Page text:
James Lindsell served in the army before the war and rejoined in September 1914. He developed a kidney disease and was discharged as a result in August 1917 after almost three years’ service, all in the United Kingdom. Afterwards he went to live with his widowed sister in Widford and it was there that he died in November 1917. A nephew, commemorated at Widford, died the following year.
Driver, Army Service Corps
James was born in Woodham Ferrers (also known as Woodham Ferris) around 1871 the son of James Lindsell and Mary Ann Lindsell (nee Tunnage).
The 1881 census recorded ten year-old James with his parents and five siblings in Woodham Ferrers where his father was an agricultural labourer.
Aged 38, and working as a labourer James attested to join the army at Harrogate in Yorkshire as a special reservist on 1st September 1914, having previously served in the 55th Company, Army Service Corps. At the time he was five feet four and a half inches tall, weighed 121 pounds, and was a member of the Church of England. He was issued the service number T1/SR/82.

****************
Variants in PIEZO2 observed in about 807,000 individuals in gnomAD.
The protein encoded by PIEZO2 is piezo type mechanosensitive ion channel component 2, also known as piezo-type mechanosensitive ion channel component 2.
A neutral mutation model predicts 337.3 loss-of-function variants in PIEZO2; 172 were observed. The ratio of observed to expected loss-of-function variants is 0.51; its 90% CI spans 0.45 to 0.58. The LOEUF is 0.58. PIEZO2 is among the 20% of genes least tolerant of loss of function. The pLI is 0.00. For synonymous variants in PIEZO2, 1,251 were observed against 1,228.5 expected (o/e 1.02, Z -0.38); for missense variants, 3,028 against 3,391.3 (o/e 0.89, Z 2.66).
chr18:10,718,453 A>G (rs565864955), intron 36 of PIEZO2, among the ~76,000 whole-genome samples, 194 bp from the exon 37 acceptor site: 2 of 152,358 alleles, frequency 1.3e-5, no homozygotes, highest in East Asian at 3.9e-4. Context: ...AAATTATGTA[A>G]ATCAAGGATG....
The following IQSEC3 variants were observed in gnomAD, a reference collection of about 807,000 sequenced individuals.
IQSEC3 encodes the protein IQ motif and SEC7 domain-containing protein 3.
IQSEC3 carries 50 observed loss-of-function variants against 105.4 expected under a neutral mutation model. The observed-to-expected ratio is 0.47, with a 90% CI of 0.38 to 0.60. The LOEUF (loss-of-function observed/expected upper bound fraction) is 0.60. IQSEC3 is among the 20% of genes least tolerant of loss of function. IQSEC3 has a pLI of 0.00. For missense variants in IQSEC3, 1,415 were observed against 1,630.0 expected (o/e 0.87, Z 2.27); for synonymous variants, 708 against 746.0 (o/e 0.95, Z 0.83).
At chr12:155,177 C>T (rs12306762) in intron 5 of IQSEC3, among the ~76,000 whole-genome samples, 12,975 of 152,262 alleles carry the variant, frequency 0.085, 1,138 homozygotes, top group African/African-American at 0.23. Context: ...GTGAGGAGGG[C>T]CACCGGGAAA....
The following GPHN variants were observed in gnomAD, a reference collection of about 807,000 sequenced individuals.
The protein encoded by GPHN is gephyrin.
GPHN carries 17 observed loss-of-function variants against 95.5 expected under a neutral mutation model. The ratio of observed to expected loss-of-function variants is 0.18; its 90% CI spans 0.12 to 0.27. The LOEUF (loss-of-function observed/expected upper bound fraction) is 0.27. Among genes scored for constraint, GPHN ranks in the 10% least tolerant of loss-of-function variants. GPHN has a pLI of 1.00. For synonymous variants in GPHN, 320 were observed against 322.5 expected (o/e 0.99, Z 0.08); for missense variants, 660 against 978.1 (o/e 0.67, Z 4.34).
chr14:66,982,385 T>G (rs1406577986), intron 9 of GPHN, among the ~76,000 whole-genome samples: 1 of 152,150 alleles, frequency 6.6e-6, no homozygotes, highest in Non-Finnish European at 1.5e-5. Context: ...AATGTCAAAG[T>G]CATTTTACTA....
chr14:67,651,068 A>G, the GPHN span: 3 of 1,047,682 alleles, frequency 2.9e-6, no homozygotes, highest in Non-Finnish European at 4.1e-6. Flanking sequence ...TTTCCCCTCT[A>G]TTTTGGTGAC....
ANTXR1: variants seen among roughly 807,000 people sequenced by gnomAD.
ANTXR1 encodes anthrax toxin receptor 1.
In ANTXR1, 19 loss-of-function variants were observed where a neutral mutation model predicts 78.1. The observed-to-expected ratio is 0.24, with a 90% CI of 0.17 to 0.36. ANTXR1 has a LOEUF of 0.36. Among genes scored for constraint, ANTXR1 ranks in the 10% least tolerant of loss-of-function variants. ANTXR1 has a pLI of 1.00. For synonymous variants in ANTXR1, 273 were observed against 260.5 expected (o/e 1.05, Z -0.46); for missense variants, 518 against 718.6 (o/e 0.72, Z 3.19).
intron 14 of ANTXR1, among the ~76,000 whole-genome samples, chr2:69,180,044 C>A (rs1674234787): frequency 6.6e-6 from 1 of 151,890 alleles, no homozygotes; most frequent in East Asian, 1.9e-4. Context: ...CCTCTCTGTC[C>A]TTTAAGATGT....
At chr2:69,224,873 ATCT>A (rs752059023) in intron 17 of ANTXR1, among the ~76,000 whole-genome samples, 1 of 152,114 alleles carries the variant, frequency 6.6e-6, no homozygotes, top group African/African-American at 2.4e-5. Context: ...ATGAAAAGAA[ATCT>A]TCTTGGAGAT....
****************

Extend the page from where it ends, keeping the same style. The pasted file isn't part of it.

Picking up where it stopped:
On 4th July 1917 James was admitted to hospital at Woolwich.suffering from the kidney condition chronic nephritis. As a result on 18th August 1917 he was discharged from the army having been considered no longer physically fit for war service. He had by then served for 2 years and 352 days, all within the U.K.
James subsequently went to stay with his widowed sister Emma Algar at her home, at Holly Cottages, Widford (pictured), and it was there that he died on 13th November 1917, aged 46. Four days later he was laid to rest in the northern part of the graveyard at St. Mary's Church in Widford with the service conducted by Rev. F. R. Thurlow. As the mourners left the church for the grave a member of the R.A.M.C. played the 'Dead March'.
James' nephew was to lose his life while serving with the army in 1918.